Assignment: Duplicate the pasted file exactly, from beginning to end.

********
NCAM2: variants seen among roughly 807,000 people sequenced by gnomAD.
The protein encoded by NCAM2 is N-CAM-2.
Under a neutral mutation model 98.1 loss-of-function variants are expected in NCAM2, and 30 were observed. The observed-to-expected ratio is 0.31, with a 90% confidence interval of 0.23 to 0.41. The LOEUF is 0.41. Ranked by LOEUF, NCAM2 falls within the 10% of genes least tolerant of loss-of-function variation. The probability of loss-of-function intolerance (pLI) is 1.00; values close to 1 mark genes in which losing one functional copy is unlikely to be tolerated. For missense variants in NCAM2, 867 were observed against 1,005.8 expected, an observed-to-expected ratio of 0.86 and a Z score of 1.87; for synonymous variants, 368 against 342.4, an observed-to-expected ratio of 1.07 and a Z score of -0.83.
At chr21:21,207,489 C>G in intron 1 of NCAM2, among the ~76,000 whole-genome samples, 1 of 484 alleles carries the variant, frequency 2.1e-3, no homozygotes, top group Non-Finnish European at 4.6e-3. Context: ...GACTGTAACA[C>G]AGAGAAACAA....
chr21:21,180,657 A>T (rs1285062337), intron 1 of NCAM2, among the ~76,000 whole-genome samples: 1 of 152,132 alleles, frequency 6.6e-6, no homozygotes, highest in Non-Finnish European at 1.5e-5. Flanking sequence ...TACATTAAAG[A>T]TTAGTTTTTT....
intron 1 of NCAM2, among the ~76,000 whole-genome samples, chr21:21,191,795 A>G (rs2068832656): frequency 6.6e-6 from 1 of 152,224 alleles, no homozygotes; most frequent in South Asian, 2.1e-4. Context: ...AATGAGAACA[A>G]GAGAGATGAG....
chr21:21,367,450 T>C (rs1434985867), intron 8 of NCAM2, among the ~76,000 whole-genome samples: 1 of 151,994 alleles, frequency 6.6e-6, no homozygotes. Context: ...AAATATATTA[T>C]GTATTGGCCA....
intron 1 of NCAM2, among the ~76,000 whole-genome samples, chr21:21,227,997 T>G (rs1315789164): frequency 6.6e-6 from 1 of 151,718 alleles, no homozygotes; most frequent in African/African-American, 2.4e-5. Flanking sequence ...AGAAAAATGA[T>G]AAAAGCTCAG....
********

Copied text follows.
NCAM2: variants seen among roughly 807,000 people sequenced by gnomAD.
The protein encoded by NCAM2 is N-CAM-2.
Under a neutral mutation model 98.1 loss-of-function variants are expected in NCAM2, and 30 were observed. The observed-to-expected ratio is 0.31, with a 90% confidence interval of 0.23 to 0.41. The LOEUF is 0.41. Ranked by LOEUF, NCAM2 falls within the 10% of genes least tolerant of loss-of-function variation. The probability of loss-of-function intolerance (pLI) is 1.00; values close to 1 mark genes in which losing one functional copy is unlikely to be tolerated. For missense variants in NCAM2, 867 were observed against 1,005.8 expected, an observed-to-expected ratio of 0.86 and a Z score of 1.87; for synonymous variants, 368 against 342.4, an observed-to-expected ratio of 1.07 and a Z score of -0.83.
At chr21:21,207,489 C>G in intron 1 of NCAM2, among the ~76,000 whole-genome samples, 1 of 484 alleles carries the variant, frequency 2.1e-3, no homozygotes, top group Non-Finnish European at 4.6e-3. Context: ...GACTGTAACA[C>G]AGAGAAACAA....
chr21:21,180,657 A>T (rs1285062337), intron 1 of NCAM2, among the ~76,000 whole-genome samples: 1 of 152,132 alleles, frequency 6.6e-6, no homozygotes, highest in Non-Finnish European at 1.5e-5. Flanking sequence ...TACATTAAAG[A>T]TTAGTTTTTT....
intron 1 of NCAM2, among the ~76,000 whole-genome samples, chr21:21,191,795 A>G (rs2068832656): frequency 6.6e-6 from 1 of 152,224 alleles, no homozygotes; most frequent in South Asian, 2.1e-4. Context: ...AATGAGAACA[A>G]GAGAGATGAG....
chr21:21,367,450 T>C (rs1434985867), intron 8 of NCAM2, among the ~76,000 whole-genome samples: 1 of 151,994 alleles, frequency 6.6e-6, no homozygotes. Context: ...AAATATATTA[T>C]GTATTGGCCA....
intron 1 of NCAM2, among the ~76,000 whole-genome samples, chr21:21,227,997 T>G (rs1315789164): frequency 6.6e-6 from 1 of 151,718 alleles, no homozygotes; most frequent in African/African-American, 2.4e-5. Flanking sequence ...AGAAAAATGA[T>G]AAAAGCTCAG....